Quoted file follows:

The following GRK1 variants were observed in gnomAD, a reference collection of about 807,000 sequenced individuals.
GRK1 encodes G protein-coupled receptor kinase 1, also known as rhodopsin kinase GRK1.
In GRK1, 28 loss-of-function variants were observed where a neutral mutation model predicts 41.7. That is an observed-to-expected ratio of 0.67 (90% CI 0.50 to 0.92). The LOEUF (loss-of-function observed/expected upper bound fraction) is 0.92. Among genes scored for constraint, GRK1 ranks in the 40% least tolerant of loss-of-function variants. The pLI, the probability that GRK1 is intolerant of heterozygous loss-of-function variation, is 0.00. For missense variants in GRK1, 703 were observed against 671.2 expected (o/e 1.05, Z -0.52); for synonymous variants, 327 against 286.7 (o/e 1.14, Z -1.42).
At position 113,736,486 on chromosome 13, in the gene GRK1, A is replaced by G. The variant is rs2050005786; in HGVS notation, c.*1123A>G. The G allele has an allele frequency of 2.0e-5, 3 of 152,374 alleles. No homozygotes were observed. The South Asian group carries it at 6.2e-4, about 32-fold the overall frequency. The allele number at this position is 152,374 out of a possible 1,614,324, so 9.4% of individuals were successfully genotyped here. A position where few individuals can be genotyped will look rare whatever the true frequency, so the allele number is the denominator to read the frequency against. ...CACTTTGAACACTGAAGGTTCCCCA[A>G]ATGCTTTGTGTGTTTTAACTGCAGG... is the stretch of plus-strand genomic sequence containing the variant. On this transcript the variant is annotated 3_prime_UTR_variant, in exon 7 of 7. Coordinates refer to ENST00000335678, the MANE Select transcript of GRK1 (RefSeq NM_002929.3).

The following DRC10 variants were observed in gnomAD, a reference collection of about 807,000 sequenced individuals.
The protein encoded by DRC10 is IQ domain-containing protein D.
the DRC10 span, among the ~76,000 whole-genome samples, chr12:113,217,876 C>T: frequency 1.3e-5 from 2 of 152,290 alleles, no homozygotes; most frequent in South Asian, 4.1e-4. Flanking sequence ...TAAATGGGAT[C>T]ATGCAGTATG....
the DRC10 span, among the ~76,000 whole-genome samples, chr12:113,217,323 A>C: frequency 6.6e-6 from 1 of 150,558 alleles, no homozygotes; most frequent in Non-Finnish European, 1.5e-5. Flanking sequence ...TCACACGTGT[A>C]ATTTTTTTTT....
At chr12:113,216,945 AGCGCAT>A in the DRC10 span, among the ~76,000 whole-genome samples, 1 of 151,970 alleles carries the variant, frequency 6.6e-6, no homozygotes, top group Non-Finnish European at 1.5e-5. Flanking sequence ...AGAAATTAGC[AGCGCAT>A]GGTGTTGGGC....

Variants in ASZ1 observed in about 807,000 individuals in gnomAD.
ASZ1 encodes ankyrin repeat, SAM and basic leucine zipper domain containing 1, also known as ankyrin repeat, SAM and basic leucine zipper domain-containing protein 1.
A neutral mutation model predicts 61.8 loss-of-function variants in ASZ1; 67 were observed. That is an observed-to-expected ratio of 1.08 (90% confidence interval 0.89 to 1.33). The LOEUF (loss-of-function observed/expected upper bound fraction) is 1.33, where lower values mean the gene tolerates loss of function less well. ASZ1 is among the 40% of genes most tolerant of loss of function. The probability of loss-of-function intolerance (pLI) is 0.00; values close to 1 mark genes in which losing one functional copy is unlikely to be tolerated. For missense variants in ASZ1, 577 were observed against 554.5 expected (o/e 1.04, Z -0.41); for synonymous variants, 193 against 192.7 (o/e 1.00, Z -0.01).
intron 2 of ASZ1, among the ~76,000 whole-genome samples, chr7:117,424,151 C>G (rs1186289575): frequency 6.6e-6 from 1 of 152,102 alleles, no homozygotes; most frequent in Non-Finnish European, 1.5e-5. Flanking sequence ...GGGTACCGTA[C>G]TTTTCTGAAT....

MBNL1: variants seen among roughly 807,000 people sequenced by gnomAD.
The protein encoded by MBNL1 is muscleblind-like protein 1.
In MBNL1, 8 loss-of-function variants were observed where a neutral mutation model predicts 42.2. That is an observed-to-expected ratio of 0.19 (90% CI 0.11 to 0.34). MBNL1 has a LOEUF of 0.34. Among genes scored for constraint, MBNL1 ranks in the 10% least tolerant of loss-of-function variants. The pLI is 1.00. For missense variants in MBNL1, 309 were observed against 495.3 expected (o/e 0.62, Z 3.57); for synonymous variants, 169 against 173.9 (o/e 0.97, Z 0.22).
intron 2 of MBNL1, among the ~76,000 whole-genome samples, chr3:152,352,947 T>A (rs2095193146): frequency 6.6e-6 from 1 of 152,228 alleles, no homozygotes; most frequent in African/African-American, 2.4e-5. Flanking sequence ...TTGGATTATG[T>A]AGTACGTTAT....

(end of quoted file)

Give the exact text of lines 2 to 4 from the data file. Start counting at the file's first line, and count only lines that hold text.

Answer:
GRK1 encodes G protein-coupled receptor kinase 1, also known as rhodopsin kinase GRK1.
In GRK1, 28 loss-of-function variants were observed where a neutral mutation model predicts 41.7. That is an observed-to-expected ratio of 0.67 (90% CI 0.50 to 0.92). The LOEUF (loss-of-function observed/expected upper bound fraction) is 0.92. Among genes scored for constraint, GRK1 ranks in the 40% least tolerant of loss-of-function variants. The pLI, the probability that GRK1 is intolerant of heterozygous loss-of-function variation, is 0.00. For missense variants in GRK1, 703 were observed against 671.2 expected (o/e 1.05, Z -0.52); for synonymous variants, 327 against 286.7 (o/e 1.14, Z -1.42).
At position 113,736,486 on chromosome 13, in the gene GRK1, A is replaced by G. The variant is rs2050005786; in HGVS notation, c.*1123A>G. The G allele has an allele frequency of 2.0e-5, 3 of 152,374 alleles. No homozygotes were observed. The South Asian group carries it at 6.2e-4, about 32-fold the overall frequency. The allele number at this position is 152,374 out of a possible 1,614,324, so 9.4% of individuals were successfully genotyped here. A position where few individuals can be genotyped will look rare whatever the true frequency, so the allele number is the denominator to read the frequency against. ...CACTTTGAACACTGAAGGTTCCCCA[A>G]ATGCTTTGTGTGTTTTAACTGCAGG... is the stretch of plus-strand genomic sequence containing the variant. On this transcript the variant is annotated 3_prime_UTR_variant, in exon 7 of 7. Coordinates refer to ENST00000335678, the MANE Select transcript of GRK1 (RefSeq NM_002929.3).